All You Need to Know About Renting a Homestay Room in the Netherlands

Former international student Jane about student housing.
Posted by Jane Hoang
From Vietnam

As a former international student in the Netherlands currently working in the student housing industry, I understand the challenges and uncertainties that international students face when seeking accommodation. One unique option that often flies under the radar is homestay living, where you reside with a host or a host family. When it comes to homestay rentals, there are many aspects to take into consideration, especially your rights to rental protection. In this blog, I will delve into what you, as international students, should know about homestay rental in the Netherlands.

What is homestay in the Netherlands?

Homestay in the Netherlands involves renting a private room within the host's home. Referred to as a "hospita" in Dutch, the host not only rents out a room but also resides within the property, either alone or with their family. Acting as both landlord and resident, the host maintains control over the rental arrangements, deciding whom to rent to and for how long. This type of arrangement not only offers a roof over your head, but also a chance to immerse yourself in Dutch culture.

Rental protection considerations in homestay living

Rental protection helps tenants by preventing landlords or property owners from ending rental contracts without agreement. Unlike traditional rental agreements, the first nine months of a homestay rental contract are considered a trial period. If the host does not find a match in the living arrangement with you, they can end the rental contract within the first nine months without specifying reasons. However, they must give you a three-month notice in writing, providing you with time to find alternative accommodation. If the host does not terminate the agreement within the first nine months, they lose the ability to terminate without reason. After this period, you, as the tenant, gain full rental protection, making it more challenging for the host to terminate the rental agreement.

If your host is a tenant in the property, you may not have rental protection if the lease between your host and the main landlord ends. In such cases, if the main landlord terminates the agreement with your host, they are not obligated to continue your tenancy. Therefore, if your host's tenancy ends, your tenancy also ends.

Tips for renting a homestay room

  1. Be honest and avoid misrepresentation about yourself: Since you'll be living with the landlord, honesty is key. Be transparent about your habits, preferences, and lifestyle. While the housing market may be competitive, it's important not to exaggerate or misrepresent yourself to secure accommodation. I've witnessed some students make this mistake, which can lead to a mismatch and even termination of the contract within the first nine months.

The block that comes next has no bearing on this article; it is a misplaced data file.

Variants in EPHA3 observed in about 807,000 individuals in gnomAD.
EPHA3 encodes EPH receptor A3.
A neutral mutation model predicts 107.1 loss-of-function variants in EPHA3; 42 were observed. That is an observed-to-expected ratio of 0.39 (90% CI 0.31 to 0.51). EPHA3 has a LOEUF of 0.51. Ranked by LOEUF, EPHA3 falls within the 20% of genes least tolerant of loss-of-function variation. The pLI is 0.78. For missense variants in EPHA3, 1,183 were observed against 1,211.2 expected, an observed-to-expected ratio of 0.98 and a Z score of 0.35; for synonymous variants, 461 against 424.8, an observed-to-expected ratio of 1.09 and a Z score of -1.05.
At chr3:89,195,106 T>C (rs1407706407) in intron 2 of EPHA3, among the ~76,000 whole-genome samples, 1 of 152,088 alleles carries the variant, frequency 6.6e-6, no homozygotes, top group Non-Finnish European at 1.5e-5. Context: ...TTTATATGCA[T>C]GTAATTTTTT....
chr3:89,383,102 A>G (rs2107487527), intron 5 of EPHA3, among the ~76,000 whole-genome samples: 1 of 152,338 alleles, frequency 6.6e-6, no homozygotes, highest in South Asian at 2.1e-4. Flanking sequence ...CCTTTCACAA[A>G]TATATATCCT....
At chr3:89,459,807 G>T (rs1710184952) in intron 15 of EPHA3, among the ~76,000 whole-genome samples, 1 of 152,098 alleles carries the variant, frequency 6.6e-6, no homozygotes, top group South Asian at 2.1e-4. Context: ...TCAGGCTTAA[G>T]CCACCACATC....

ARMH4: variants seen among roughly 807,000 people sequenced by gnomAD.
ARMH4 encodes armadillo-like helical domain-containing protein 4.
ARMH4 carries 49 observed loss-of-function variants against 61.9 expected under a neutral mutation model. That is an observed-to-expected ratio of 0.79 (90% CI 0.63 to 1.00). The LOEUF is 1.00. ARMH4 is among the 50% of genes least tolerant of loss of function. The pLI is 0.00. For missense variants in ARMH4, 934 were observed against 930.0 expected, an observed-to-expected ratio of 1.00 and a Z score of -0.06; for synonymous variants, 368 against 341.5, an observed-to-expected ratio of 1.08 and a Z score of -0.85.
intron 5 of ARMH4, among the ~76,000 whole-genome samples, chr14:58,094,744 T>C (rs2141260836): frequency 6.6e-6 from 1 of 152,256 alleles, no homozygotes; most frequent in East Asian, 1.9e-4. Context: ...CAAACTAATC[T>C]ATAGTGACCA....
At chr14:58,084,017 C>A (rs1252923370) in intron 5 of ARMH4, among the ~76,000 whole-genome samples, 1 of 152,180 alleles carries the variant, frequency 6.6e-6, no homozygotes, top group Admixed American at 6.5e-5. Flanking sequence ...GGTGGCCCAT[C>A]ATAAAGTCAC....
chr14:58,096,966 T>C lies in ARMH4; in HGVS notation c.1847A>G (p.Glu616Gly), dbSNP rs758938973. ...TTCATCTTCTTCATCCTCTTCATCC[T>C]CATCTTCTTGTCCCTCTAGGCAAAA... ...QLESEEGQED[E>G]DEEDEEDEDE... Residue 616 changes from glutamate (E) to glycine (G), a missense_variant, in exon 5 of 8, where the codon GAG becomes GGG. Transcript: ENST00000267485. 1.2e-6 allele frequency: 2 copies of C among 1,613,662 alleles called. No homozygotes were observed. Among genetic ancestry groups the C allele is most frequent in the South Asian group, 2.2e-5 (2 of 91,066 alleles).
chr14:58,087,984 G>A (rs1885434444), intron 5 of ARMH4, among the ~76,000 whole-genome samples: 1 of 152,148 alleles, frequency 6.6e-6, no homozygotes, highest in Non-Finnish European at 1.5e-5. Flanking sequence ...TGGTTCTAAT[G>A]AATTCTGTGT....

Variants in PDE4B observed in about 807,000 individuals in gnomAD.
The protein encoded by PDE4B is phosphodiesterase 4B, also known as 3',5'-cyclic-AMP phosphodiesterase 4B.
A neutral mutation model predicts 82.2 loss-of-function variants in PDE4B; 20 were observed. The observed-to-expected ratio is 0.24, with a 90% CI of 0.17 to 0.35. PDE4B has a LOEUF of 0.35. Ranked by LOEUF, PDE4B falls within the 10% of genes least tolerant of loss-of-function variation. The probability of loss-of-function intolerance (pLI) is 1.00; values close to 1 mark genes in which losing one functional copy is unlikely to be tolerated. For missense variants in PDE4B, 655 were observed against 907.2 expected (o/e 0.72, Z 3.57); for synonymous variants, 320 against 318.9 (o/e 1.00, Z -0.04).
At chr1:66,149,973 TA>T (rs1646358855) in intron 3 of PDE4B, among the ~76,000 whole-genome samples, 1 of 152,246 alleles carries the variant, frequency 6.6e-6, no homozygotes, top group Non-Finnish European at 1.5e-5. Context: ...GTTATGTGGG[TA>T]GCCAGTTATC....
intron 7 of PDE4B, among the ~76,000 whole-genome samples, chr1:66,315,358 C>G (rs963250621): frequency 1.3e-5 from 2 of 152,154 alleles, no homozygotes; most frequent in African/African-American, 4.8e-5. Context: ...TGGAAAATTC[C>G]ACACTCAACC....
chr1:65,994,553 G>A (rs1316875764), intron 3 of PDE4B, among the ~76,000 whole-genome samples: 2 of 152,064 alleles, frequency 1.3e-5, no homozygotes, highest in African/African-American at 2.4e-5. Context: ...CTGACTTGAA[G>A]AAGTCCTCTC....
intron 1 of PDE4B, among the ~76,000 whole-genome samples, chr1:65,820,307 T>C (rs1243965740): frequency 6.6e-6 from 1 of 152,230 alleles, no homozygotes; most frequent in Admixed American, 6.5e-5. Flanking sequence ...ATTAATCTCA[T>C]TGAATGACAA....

2. Learn about the host: Take the time to understand your host's preferences, living situation, and expectations. Some hosts prefer a high level of interaction, while others value privacy. For instance, if your host enjoys socialising with tenants, but you prefer solitude and personal activities, it may not be a good fit.
  3. Communication is key: If you're encountering difficulties with your host or feeling uneasy about your living situation, communication is key. However, the manner in which you address the issue is crucial. Approach the conversation with patience and a genuine desire to reach a mutual understanding.
  4. Respect the house rules: Every household has its own set of rules and norms. Respect these rules to foster a positive relationship with your host and other residents.
  5. Prepare for cultural differences: Living with a host offers a unique opportunity to immerse yourself in Dutch culture. Embrace cultural differences and be open to learning from your host's customs and traditions.

Finding homestay accommodations in the Netherlands

Although you may stumble upon hosts renting out rooms in their homes on platforms such as Facebook and Kamernet occasionally, there are dedicated platforms that cater to this niche housing option. Specifically, platforms like and Hospi Housing specialise in connecting students with potential hosts across different cities in the Netherlands. (in Dutch) operates by providing comprehensive support directly to hosts, including administrative, financial, and legal assistance. If you encounter hosts offering rooms, it's advisable to verify whether they have the necessary permits to rent out rooms and if registration with the municipality is possible. You can then refer them to, ensuring that an agency verifies the host’s eligibility, oversees the entire tenancy agreement process and remains involved throughout. primarily focuses on serving The Hague, Delft, and their surrounding areas. Their listings are featured on Student Housing The Hague and you can apply without being charged an agency fee, because they work for and represent the hosts/landlords (see how to reclaim illegal agency fees). Additionally, if you're seeking housing in this region, you can also explore traditional student accommodation options available on this platform.

Meanwhile, Hospi Housing specialises in homestay listings and operates nationwide, collaborating with various municipalities to promote homestay options. With Hospi Housing, signing up on their platform is free, allowing you to browse and respond to host listings without any initial charges. You can engage with hosts as much as you want until you find a suitable match. However, Hospi Housing will charge you a fee of €295 when you successfully finalise a rental agreement and sign the contract on their platform.

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